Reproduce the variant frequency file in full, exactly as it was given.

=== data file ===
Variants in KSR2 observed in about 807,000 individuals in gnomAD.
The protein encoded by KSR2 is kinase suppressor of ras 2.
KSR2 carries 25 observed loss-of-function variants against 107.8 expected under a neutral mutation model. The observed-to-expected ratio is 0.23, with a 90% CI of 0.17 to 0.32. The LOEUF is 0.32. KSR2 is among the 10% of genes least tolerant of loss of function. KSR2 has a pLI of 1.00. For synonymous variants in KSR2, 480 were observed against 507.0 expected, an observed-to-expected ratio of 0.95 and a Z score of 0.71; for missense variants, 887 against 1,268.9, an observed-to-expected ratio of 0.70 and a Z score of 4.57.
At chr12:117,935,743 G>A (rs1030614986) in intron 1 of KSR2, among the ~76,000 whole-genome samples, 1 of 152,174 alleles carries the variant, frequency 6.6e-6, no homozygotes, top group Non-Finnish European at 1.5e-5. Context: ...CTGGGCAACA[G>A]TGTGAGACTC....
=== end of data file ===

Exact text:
Variants in KSR2 observed in about 807,000 individuals in gnomAD.
The protein encoded by KSR2 is kinase suppressor of ras 2.
KSR2 carries 25 observed loss-of-function variants against 107.8 expected under a neutral mutation model. The observed-to-expected ratio is 0.23, with a 90% CI of 0.17 to 0.32. The LOEUF is 0.32. KSR2 is among the 10% of genes least tolerant of loss of function. KSR2 has a pLI of 1.00. For synonymous variants in KSR2, 480 were observed against 507.0 expected, an observed-to-expected ratio of 0.95 and a Z score of 0.71; for missense variants, 887 against 1,268.9, an observed-to-expected ratio of 0.70 and a Z score of 4.57.
At chr12:117,935,743 G>A (rs1030614986) in intron 1 of KSR2, among the ~76,000 whole-genome samples, 1 of 152,174 alleles carries the variant, frequency 6.6e-6, no homozygotes, top group Non-Finnish European at 1.5e-5. Context: ...CTGGGCAACA[G>A]TGTGAGACTC....